Lyndhurst Foundation

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The Lyndhurst Foundation is a Chattanooga, Tennessee-based grant-making foundation organized in 1938 by Coca-Cola Bottling Company magnate Cartter Lupton.[1] The Lyndhurst Foundation was the first private foundation in Tennessee, and it focuses on the enrichment and enhancement of the social, natural, and built environment in Chattanooga, Tennessee, and the surrounding southeastern region.

History[edit]

The Lyndhurst Foundation began in 1938 as the Memorial Welfare Foundation with Cartter Lupton as its president. Cartter Lupton established the Memorial Welfare Foundation to carry out his charitable endeavors. The Lyndhurst endowment originates from Lupton family's success in building the Coca-Cola Bottling Company with other Chattanooga businessmen, Ben F. Thomas and Joseph Brown Whitehead.[2] During the early stages of the Memorial Welfare Foundation, its main focus was to benefit primary health care and cultural activities in and around the city of Chattanooga.[1]

Upon the death of Cartter Lupton in 1977, his son Jack Lupton became the president. Jack Lupton then changed the named of the Memorial Welfare Foundation to The Lyndhurst Foundation, which was named for the family mansion of the same name built by his grandfather John Thomas Lupton.[3] With the death of its founder, Cartter Lupton, the Lyndurst foundation began to redirect its fundings towards enhancing the Chattanooga community by way of education, the arts, and the revitalization of the riverfront.[4]

In 1992, Jack Lupton retired from the Lyndhurst Foundation board, and his children and nephews were elected as trustees to lead the foundation. In 2012, Lyndhurst spun off five new smaller family foundations.[1] The legacy Lyndhurst Foundation is now governed by a board of trustees who come from different backgrounds in business, arts, and health care. The current board includes five grandchildren of the founder. The goal of this 10-member board of community leaders is to bring about a new era of charitable giving to Chattanooga and its surrounding community.[5]

Philanthropy[edit]

The Lyndhurst Foundation has played a major role in the revitalization process of Chattanooga's downtown and riverfront as a result of the city's decline due to water and air pollution.[6] In 1995 the foundation gave $2.5 million towards a city-wide planning process.[7] As part of the revitalization process, Lyndhurst Foundation chairman Jack Lupton donated $11 million of his own funds along with $10 million from the foundation itself to building the Tennessee Aquarium. In 1992, the aquarium opened as the world's largest freshwater aquarium and brought new tourism to the city.[2]

The Lyndhurst foundation has given several donations to improve education in the Hamilton County area. Lyndhurst was a founding member of the Public Education Foundation, an organization that strives to strengthen Chattanooga's public schools.[8] Many of these donations have been received by the local University of Tennessee Chattanooga.[9] Lyndhurst has further developed education in Chattanooga by funding two new public elementary schools in the downtown area, Tommie F. Brown and Herman H. Battle Academy.[10] The foundation also contributed the funding of the Creative Discovery Museum, a children's museum which provides hands-on education activities, in downtown Chattanooga.[8]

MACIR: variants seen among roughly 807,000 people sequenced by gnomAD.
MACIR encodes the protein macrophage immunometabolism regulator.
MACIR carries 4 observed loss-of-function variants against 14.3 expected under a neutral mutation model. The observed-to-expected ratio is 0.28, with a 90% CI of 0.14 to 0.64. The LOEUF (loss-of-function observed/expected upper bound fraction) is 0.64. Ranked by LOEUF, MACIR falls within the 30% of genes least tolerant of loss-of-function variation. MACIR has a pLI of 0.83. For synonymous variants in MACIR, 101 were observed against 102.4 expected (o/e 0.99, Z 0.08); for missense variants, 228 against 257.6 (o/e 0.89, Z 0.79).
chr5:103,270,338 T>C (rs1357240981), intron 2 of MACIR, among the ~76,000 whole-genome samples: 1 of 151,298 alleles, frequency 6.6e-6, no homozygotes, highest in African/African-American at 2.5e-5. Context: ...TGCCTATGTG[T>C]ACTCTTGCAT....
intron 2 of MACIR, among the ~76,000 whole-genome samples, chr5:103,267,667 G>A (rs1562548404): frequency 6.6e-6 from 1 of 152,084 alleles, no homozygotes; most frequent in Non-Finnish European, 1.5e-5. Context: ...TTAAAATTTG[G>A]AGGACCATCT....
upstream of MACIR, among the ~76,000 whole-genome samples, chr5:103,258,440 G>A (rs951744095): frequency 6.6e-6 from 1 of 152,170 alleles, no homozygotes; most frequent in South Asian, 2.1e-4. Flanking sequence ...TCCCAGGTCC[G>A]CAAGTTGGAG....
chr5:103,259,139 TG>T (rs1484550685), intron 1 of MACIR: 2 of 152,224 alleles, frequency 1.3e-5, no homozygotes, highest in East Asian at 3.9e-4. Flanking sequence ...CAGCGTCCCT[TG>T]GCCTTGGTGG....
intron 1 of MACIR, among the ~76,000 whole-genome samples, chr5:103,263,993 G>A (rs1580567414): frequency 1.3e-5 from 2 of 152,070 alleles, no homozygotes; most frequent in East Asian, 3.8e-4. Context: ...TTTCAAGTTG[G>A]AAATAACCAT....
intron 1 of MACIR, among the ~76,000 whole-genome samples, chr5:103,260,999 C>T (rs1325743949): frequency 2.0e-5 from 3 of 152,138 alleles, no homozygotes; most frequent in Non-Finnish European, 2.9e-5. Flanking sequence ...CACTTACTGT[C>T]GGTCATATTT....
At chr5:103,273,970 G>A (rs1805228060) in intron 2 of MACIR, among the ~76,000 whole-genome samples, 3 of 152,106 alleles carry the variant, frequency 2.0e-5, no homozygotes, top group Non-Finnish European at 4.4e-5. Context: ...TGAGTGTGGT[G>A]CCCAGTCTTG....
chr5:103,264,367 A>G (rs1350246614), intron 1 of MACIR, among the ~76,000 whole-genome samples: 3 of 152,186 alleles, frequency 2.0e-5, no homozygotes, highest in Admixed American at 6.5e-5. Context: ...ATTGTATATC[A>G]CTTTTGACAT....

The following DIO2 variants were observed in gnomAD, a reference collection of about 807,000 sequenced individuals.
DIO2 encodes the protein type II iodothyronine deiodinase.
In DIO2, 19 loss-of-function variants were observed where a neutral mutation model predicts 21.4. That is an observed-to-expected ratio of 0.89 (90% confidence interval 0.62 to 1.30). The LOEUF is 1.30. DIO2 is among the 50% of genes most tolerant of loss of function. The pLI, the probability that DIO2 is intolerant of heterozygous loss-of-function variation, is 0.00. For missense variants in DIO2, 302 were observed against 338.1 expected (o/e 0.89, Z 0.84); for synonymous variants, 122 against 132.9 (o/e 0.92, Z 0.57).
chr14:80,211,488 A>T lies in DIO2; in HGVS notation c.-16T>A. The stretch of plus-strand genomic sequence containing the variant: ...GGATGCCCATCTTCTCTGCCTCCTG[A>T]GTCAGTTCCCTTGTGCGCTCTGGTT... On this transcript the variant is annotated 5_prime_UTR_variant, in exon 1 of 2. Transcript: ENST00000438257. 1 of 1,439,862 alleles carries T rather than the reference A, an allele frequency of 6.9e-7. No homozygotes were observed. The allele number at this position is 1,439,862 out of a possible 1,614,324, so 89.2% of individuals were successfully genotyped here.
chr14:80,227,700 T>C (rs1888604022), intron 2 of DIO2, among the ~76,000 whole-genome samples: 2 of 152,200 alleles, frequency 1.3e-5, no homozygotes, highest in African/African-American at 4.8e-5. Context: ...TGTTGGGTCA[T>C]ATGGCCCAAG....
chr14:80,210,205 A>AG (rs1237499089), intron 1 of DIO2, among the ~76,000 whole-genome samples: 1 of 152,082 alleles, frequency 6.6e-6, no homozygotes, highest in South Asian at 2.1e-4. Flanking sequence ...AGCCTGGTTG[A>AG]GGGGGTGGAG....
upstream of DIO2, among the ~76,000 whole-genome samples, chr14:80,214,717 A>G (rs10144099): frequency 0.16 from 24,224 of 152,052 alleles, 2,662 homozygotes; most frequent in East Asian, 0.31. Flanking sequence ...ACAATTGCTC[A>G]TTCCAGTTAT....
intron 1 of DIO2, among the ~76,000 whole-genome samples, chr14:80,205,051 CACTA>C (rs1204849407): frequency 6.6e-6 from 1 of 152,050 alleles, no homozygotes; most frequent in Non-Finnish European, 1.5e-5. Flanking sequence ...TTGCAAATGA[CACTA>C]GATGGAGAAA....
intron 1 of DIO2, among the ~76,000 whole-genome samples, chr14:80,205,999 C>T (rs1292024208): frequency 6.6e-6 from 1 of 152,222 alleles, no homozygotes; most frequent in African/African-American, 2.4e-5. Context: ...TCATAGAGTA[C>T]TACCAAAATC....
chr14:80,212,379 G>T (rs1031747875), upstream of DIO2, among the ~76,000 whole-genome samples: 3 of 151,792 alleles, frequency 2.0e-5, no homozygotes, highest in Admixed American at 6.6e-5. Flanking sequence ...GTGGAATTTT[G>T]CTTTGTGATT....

In 1996 the foundation's grant of $10,000,000 effectively saved Double Take magazine, until they closed their doors in 2005.[11] This gift is considered one of the largest gifts to an American publication.[12]

In 2007, the foundation launched CreateHere, a program focused on economic development and the attraction and retention of individuals associated with the creative class.[13] Over the past eight years, Lyndhurst has donated over two million dollars to help the program evolve.[14] Lyndhurst has further focused on economic development in Chattanooga with the creation of the River City Company, a non-profit organization that creates public spaces in the downtown area.[5]

References[edit]

  1. ^ a b c "About the Foundation". The Lyndhurst Foundation. Retrieved February 24, 2015. 
  2. ^ a b Eichenthal, David, Tracy Windeknecht. "A Restoring Prosperity Case Study: Chattanooga, Tennessee" (PDF). Brookings Institution. Retrieved February 24, 2015. 
  3. ^ Arnold, Dean (2009). Old Money, New South: the Spirit of Chattanooga. Chattanooga Historical Foundation Company. p. 16. ISBN 9780974907628. 
  4. ^ Bell, Dolores (Oct 1997). "The Foundation that Lifts a City". Business Perspectives. Retrieved February 24, 2015. 
  5. ^ a b "Laying a New Foundation". Times Free Press. March 11, 2011. Retrieved February 24, 2015. 
  6. ^ "Luptons, Lyndhurst Foundation Honored". Chattanooga Times Free Press. 2007-11-15. Archived from the original on 2008-01-04. Retrieved 2007-12-30. 
  7. ^ "Tennessee Waltz". Teacher Magazine. 1995-10-01. Retrieved 2007-12-30. 
  8. ^ a b "History Museum Announces History Makers Honorees". The Chattanoogan. October 22, 2007. Retrieved February 25, 2015. 
  9. ^ Cherry, Susan Spaeth (October 1979). "Grants". American Liberties. 
  10. ^ Kreyling, Christine (July 2002). "New Schools for Downtown Chattanooga". Planning. Retrieved March 3, 2015. 
  11. ^ "The lights go out at DoubleTake". January 6, 2005. Retrieved March 15, 2015. 
  12. ^ Sack, Kevin (1996-04-22). "Gift Saves an Unusual Journal". The New York Times. Retrieved 2007-12-30. 
  13. ^ "Professional artists evaluate city's successes, potential". The Chattanooga Times Free Press. 2007-11-11. Archived from the original on 2007-11-15. Retrieved 2007-12-30. 
  14. ^ "Lyndhurst Foundation Contributions 2011" (PDF). Retrieved March 4, 2015. 

External links[edit]